Another benefit of sleeping on your side is that it keeps your airways open and your esophagus slightly elevated. This helps to prevent snoring, sleep apnea, heartburn and acid reflux. So, if you’re suffering from any of these, try to switch to sleeping on your side.
At the same time, sleeping on your side also has its drawbacks. First of, it’s the dreaded numb arm. Most people put the arm behind the head but it can still affect its muscles and nerves since you restrict the blood flow and you put pressure on the nerves.
Secondly, since a lot of the body’s weight goes onto your shoulder for support, it can result in shoulder pain and stiffness.
Side sleeping can also result in more face wrinkles since you spend most of the night with your face pressed against a pillow. For women, this position can also lead to sagging breasts as a result of gravity.
How To Get the Most Out of the Side Sleeping Position
To keep your spine in proper alignment as you sleep on your side, invest in a good mattress. For example, memory foam mattresses support every curvature of your body, embracing all the pressure points and providing the necessary support.
On top of that, get a good pillow. Or even two. First one, which you’ll put under your head, should be of the right height to keep your neck and spine aligned. The second one you can put between your knees, which will help to avoid lower back pain.
Among side sleepers and among all sleepers in general, the fetal position is the most popular. About 41% of people sleep on their side in a tight ball with their knees curled up toward the body.
This position allows for the natural alignment of the spine. It helps to reduce snoring and sleep apnea. And it’s also good for pregnant women. Sleeping on your left side, as we’ve mentioned above, improves circulation to the uterus.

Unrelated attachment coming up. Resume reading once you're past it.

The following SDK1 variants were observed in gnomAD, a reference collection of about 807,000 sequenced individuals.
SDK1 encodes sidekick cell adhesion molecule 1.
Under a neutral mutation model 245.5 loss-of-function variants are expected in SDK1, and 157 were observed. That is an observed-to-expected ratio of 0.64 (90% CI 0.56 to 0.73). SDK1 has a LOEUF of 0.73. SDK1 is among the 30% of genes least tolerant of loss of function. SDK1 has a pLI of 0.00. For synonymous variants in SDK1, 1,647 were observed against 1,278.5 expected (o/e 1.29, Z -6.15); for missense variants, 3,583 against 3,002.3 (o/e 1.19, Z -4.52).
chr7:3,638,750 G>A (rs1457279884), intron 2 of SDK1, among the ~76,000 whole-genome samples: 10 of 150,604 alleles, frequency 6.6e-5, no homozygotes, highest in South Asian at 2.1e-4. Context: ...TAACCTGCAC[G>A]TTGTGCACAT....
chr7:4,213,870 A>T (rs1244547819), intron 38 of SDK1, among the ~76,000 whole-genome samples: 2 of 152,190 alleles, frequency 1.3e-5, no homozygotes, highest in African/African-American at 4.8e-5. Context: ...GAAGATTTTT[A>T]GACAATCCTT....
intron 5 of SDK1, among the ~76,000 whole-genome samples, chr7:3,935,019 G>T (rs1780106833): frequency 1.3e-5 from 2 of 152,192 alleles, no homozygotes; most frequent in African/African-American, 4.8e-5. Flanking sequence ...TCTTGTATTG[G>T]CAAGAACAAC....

The downsides to this position come up when you’re curled up too tight. This can restrict your deep breathing and can cause your lower back to arch in an unnatural manner. So, to avoid this, just stretch out a bit and don’t bring your knees too high up.
In most cases, sleeping on your stomach isn’t doing you any favors. It does help to reduce snoring and sleep apnea. However, that’s pretty much where the benefits end.
This position makes it hard for your spine to keep a neutral position, which can lead to lower back pain. Also, since you keep your head jammed to the side all night, it can leave you with a sore neck in the morning. On top of that, you put unnecessary pressure on your muscles and joints, which can lead to you waking up sore and tired.
How To Get the Most Out of the Stomach Sleeping Position
If you prefer sleeping on your stomach, try skipping the pillow or at least choose one that is very thin. A high pillow will just add more stress on your neck. You can also add pillow under your pelvis in order to reduce lower back pain.
Since we spend about one-third of our lives sleeping, it’s good to practice good sleep habits. It can benefit our health and well-being. Good sleep habits involve not only getting enough sleep but also getting quality sleep. And your sleep position might be the key to that. However, at the same time, if you are not having any issues and you wake up feeling well rested, you don’t have to do any changes. Just do what feels best for you.